Surprise, Surprise: BLM and USFS Fail to Identify, Track, Penalize or Deter Unauthorized Welfare Livestock Grazing on Public Lands

Source: The Wildlife News

“…but both the Bureau of Land Management and the United States Forest Service have PLENTY of time to exploit, harass, roundup, hold and spread rumors and bogus propaganda about a handful of federally protected wild horses and burros on their rightful public land.  Something is WAAAAAYYY out of alignment and skewed totally to benefit federally subsidized welfare ranchers…the “Good Ole Boy Club” smells more like rotting fish than simple cow poop!” ~ R.T.


“The report also highlights the extent to which public lands livestock grazing is heavily subsidized by American taxpayers.”

Giant BLM Bovine Mowing Machine ~ photo by Terry Fitch of Wild Horse Freedom Federation

Giant BLM Bovine Mowing Machine ~ photo by Terry Fitch of Wild Horse Freedom Federation

The Government Accountability Office (GAO) released a report last week detailing the extent to which the United States Forest Service (USFS) and the Bureau of Land Management (BLM) have failed to follow agency regulations in documenting and penalizing unauthorized or trespass livestock grazing on federal public lands. The report, entitled Unauthorized Grazing: Actions Needed to Improve Tracking and Deterrence Efforts, was requested by Rep. Raul Grijalva (D-AZ), Ranking Member of the House Natural Resources Committee. The request came in response to several high profile cases of trespass grazing and a recognition of the devastating ecological impacts it can have on wildlife habitat.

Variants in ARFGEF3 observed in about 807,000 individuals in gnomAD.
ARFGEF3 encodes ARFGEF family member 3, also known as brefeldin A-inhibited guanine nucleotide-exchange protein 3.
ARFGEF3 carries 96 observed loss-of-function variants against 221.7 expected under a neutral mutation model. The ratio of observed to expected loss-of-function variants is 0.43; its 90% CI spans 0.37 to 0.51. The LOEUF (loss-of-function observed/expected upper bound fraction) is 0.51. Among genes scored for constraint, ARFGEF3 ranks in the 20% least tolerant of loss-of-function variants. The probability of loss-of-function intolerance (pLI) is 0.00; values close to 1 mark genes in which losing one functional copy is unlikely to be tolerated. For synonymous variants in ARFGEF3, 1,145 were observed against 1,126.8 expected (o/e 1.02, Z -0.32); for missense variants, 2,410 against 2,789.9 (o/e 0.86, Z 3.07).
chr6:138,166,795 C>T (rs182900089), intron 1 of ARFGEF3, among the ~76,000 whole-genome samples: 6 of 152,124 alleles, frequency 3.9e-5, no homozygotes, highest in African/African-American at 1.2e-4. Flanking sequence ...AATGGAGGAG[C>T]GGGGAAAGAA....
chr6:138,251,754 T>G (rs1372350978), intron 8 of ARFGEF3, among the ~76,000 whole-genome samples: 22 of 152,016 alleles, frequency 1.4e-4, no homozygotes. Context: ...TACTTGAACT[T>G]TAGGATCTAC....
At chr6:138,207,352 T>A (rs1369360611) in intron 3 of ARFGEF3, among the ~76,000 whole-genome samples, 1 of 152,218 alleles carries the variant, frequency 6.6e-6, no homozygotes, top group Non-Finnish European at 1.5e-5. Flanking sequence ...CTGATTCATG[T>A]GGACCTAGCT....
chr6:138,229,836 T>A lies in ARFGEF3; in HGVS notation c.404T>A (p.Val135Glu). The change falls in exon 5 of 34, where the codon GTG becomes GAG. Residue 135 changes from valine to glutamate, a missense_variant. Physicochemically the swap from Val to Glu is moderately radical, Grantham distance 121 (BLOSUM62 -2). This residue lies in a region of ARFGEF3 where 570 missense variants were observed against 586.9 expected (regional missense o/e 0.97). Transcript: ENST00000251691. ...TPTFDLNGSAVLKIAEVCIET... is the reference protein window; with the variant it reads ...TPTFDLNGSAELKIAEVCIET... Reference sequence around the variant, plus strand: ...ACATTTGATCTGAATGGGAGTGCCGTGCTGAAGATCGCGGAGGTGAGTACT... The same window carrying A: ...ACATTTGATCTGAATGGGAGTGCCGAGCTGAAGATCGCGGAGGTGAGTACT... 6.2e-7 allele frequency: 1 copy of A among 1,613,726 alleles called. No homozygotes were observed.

The report came to several important conclusions. Trespass grazing is pervasive and causes widespread degradation of public lands, agencies do not document it adequately, and the Forest Service trespass fees are too low to be a deterrent.

The report also highlights the extent to which public lands livestock grazing is heavily subsidized by American taxpayers.  In 2016, BLM and the Forest Service charged ranchers $2.11 per animal unit month for horses and cattle, and $0.42 for sheep and goats. But, average private grazing land lease rates in western states ranged from $9 to $39.